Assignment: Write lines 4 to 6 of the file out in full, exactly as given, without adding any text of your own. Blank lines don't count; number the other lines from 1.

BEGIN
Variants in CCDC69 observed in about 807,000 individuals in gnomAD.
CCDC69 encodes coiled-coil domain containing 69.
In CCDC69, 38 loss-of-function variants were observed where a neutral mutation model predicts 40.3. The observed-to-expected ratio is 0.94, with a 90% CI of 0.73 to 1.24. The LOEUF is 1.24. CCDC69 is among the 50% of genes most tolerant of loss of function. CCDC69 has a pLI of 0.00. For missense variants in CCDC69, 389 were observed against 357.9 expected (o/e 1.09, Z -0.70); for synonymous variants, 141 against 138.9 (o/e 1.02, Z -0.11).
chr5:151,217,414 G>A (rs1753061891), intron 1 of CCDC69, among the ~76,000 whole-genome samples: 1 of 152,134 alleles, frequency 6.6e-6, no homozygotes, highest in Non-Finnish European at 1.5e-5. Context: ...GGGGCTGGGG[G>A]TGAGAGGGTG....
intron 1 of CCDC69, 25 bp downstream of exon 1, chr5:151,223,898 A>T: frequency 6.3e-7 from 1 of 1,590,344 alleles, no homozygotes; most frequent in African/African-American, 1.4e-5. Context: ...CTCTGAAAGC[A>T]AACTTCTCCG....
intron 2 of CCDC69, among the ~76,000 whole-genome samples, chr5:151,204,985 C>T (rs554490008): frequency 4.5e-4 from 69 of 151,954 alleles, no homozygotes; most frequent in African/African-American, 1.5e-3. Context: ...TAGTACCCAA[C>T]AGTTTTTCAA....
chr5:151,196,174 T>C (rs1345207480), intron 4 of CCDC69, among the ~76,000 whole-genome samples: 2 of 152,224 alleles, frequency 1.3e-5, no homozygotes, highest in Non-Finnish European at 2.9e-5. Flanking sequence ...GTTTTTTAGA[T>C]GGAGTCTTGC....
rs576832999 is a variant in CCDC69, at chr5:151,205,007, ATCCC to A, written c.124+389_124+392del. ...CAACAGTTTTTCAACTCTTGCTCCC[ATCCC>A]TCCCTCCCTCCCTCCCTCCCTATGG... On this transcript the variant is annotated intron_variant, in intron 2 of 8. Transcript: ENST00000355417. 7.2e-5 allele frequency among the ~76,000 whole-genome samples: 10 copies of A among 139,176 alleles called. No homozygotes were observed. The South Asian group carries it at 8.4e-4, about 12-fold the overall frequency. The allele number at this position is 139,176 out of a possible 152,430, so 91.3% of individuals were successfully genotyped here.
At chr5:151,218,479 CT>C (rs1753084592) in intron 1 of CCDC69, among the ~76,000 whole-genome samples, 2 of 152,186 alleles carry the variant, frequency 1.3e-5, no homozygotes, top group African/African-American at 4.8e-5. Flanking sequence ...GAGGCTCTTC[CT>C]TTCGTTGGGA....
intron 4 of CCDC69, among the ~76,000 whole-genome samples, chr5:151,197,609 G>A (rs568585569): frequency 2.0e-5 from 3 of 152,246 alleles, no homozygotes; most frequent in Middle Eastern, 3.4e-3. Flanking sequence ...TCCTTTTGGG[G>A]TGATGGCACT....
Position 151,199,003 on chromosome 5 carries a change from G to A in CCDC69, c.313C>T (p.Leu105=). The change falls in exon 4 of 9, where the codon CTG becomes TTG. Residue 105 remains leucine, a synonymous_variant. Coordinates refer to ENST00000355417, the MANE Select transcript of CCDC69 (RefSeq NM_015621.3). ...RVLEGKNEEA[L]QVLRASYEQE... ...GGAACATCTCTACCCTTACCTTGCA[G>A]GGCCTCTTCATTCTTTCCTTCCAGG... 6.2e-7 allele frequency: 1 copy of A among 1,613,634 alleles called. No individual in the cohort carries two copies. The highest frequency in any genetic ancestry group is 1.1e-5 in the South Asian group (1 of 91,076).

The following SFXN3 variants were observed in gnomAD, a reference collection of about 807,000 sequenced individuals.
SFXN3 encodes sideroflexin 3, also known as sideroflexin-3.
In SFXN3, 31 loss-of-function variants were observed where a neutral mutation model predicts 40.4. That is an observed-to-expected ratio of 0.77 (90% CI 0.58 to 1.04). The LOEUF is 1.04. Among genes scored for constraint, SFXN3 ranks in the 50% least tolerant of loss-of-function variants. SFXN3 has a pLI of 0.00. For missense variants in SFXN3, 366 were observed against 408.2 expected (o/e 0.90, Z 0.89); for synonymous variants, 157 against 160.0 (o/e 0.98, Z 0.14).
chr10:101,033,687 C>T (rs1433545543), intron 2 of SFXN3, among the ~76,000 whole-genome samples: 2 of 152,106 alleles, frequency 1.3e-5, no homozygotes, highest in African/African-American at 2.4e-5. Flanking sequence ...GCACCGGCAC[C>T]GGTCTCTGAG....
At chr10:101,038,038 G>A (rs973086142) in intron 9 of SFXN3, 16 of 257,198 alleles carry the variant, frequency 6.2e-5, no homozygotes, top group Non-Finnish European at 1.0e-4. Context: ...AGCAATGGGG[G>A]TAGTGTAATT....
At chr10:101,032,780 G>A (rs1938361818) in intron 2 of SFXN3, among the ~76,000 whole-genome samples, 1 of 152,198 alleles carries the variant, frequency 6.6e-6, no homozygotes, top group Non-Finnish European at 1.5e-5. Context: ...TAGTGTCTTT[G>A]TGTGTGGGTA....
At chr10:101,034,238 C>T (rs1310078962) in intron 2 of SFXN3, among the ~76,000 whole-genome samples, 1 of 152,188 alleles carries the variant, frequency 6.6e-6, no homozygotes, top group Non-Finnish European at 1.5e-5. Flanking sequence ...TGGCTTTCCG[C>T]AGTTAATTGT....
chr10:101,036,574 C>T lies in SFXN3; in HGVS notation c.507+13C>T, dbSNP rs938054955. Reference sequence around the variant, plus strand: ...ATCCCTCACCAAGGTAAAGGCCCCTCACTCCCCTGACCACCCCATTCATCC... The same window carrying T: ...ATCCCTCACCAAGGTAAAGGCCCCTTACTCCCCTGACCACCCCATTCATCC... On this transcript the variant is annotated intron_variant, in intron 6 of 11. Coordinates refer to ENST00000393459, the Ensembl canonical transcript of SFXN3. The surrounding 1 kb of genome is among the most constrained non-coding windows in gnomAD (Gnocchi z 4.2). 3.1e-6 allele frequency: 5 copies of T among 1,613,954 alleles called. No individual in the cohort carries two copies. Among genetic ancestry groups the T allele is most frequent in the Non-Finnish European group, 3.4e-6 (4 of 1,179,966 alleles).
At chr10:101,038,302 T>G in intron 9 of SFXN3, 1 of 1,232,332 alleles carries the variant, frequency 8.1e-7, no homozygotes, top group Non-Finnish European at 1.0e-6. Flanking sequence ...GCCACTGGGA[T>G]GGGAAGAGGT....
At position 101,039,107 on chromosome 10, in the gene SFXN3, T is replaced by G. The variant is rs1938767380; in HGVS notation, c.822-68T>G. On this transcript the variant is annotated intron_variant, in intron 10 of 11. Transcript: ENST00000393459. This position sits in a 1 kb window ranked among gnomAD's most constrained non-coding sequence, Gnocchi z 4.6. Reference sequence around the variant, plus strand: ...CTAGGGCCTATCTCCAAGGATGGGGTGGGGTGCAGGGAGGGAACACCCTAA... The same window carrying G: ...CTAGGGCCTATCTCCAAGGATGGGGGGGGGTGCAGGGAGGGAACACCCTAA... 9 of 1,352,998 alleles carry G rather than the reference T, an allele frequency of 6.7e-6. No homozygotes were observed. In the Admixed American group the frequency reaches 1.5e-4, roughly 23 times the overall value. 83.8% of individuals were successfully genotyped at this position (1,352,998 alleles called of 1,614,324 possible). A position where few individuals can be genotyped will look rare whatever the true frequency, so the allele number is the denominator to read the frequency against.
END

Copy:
chr5:151,217,414 G>A (rs1753061891), intron 1 of CCDC69, among the ~76,000 whole-genome samples: 1 of 152,134 alleles, frequency 6.6e-6, no homozygotes, highest in Non-Finnish European at 1.5e-5. Context: ...GGGGCTGGGG[G>A]TGAGAGGGTG....
intron 1 of CCDC69, 25 bp downstream of exon 1, chr5:151,223,898 A>T: frequency 6.3e-7 from 1 of 1,590,344 alleles, no homozygotes; most frequent in African/African-American, 1.4e-5. Context: ...CTCTGAAAGC[A>T]AACTTCTCCG....
intron 2 of CCDC69, among the ~76,000 whole-genome samples, chr5:151,204,985 C>T (rs554490008): frequency 4.5e-4 from 69 of 151,954 alleles, no homozygotes; most frequent in African/African-American, 1.5e-3. Context: ...TAGTACCCAA[C>T]AGTTTTTCAA....